Wells Fargo & Co. (WFC) , the U.S. bank struggling to contain the fallout after being hit by the Federal Reserve with an unprecedented ban on further growth, had its credit rating cut by Standard & Poor's.
The rating was lowered to A- from A, S&P said Wednesday in a statement. The outlook is "stable," indicating no further cuts are currently contemplated.
S&P took the action after the Fed last week sanctioned Wells Fargo over aggressive sales practices toward its own customers, including opening millions of unauthorized accounts in their names and charging them for car insurance that wasn't needed.
The new credit rating at Wells Fargo is still in the upper tier of S&P's scale for investment-grade bond issuers, so the cut may have little immediate effect. But it's a sign that the scandal is taking an incremental toll on the bank's creditworthiness and could push up its borrowing costs slightly, in an industry where analysts scrutinize even tiny changes in interest rates.
"Regulatory risk for Wells is more severe than we previously expected, and the process for improving its governance and operational risk policies may take longer," S&P said. "At the same time, the company may be subject to prolonged reputational issues."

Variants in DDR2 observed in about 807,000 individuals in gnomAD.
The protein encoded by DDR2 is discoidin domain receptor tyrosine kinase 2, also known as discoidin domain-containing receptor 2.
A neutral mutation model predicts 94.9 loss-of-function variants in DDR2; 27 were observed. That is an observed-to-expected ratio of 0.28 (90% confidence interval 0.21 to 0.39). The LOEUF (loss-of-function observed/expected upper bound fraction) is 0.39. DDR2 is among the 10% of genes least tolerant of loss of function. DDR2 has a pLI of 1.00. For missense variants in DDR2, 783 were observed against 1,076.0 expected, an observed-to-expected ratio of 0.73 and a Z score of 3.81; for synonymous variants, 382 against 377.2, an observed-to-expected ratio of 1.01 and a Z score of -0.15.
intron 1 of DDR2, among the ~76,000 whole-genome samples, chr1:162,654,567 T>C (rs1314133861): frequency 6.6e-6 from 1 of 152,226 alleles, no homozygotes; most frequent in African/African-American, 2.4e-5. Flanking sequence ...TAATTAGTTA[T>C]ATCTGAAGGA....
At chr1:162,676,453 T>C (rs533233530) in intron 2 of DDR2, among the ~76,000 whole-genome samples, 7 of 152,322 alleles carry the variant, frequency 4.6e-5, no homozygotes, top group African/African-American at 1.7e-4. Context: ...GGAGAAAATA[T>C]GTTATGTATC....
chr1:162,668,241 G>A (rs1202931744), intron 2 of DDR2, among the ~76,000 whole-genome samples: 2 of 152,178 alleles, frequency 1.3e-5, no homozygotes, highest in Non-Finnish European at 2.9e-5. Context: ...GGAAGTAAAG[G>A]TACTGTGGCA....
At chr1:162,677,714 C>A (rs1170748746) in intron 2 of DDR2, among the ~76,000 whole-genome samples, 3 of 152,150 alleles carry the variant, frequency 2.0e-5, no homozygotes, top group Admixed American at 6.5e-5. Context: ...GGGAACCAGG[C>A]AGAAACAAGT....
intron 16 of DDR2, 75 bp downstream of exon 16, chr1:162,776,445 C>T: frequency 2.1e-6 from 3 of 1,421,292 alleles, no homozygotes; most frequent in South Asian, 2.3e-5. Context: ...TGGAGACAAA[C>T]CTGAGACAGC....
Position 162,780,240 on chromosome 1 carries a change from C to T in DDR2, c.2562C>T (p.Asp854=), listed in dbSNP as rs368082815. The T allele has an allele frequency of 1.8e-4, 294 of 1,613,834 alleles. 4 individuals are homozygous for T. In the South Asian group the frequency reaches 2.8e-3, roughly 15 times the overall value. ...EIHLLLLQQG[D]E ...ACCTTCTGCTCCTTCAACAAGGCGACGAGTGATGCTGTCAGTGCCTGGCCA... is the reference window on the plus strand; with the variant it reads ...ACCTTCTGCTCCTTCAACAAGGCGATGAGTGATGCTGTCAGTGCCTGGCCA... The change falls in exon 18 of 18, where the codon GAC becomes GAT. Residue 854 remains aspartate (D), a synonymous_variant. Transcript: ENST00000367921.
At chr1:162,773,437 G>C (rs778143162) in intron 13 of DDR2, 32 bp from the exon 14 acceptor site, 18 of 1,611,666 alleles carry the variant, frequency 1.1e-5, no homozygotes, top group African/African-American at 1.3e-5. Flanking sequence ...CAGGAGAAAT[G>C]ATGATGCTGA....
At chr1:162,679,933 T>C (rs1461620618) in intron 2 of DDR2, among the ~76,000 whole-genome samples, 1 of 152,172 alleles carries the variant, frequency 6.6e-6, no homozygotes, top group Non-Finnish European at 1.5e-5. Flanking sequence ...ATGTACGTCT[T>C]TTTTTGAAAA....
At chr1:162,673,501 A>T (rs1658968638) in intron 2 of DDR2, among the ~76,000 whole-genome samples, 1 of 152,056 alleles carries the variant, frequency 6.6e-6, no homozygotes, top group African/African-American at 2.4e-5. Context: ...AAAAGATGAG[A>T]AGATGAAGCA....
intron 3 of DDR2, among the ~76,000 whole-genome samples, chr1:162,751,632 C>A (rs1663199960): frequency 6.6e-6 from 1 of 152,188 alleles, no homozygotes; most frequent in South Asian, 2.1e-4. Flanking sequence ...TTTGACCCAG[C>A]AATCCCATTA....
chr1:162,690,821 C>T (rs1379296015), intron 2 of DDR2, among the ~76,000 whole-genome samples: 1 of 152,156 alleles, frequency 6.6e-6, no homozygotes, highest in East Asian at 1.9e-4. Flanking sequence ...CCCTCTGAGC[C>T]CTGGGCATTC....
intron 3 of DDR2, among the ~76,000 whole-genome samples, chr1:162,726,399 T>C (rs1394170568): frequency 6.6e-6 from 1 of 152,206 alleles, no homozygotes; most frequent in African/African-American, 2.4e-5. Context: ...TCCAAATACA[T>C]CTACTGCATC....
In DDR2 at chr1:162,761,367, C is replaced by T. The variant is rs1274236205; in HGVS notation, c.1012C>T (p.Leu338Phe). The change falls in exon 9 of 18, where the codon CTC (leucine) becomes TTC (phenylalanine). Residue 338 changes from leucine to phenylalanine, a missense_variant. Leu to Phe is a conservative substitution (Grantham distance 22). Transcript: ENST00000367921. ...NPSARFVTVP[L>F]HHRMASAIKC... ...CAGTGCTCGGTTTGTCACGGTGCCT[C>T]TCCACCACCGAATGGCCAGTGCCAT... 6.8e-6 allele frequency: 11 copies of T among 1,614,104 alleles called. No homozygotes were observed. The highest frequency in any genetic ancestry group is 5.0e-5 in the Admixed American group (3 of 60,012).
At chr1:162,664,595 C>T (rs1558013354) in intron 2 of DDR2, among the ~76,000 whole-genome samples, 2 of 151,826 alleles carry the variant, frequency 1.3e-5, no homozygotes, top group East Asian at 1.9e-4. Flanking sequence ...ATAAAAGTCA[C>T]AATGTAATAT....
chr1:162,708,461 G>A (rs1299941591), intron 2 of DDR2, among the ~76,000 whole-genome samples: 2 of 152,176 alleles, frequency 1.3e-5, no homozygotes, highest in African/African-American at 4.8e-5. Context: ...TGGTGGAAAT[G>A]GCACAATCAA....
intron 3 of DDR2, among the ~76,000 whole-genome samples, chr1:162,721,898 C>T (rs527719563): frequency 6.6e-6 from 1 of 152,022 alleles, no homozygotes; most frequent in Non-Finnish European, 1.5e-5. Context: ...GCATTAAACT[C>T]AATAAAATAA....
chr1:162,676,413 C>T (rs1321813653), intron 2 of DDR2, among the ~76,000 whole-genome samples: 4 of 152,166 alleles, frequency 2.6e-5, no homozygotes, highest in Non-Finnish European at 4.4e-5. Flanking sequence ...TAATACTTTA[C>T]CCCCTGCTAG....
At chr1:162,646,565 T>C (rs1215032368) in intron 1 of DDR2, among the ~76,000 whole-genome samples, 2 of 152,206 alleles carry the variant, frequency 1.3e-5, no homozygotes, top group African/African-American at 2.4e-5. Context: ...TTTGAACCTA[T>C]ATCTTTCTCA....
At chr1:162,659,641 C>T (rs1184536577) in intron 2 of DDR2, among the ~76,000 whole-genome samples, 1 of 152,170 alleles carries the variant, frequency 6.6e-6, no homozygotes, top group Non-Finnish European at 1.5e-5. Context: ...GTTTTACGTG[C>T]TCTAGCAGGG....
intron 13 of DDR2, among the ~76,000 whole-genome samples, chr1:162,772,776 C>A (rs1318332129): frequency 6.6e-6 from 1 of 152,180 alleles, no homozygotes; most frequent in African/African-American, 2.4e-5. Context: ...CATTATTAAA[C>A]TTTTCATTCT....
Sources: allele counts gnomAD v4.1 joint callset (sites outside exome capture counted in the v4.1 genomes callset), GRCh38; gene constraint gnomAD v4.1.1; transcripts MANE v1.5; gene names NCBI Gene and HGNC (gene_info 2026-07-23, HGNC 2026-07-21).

Wells Fargo CEO Tim Sloan estimated last week that the growth ban -- a cap on the bank's assets at the current level of about $2 trillion until regulatory conditions are satisfied -- could mean $300 million to $400 million in lost net income this year.
Those costs add to big fines and settlements the bank has already paid to resolve the sales-practice issues since the scandal exploded in 2016, including a $185 million fine imposed by the Consumer Financial Protection Bureau and other regulators.
The troubles have sapped shareholder returns, with the bank's stock price up just 2.5% over the past year, even as larger rival JPMorgan Chase & Co. (JPM) surged 31%. On Wednesday Wells Fargo shares rose 1.3% to $58.02 in New York trading.
S&P said it expects Wells Fargo to meet the conditions of the Fed's order and that it will maintain competitive positions in key businesses. That said, the rating could be lowered if the bank fails to get the asset cap lifted "in a reasonable timeframe," according to the statement.
"Our stable outlook assumes that the company will meet the requirements of the regulatory consent order while maintaining solid market shares in its major businesses as well as a strong financial profile," S&P said.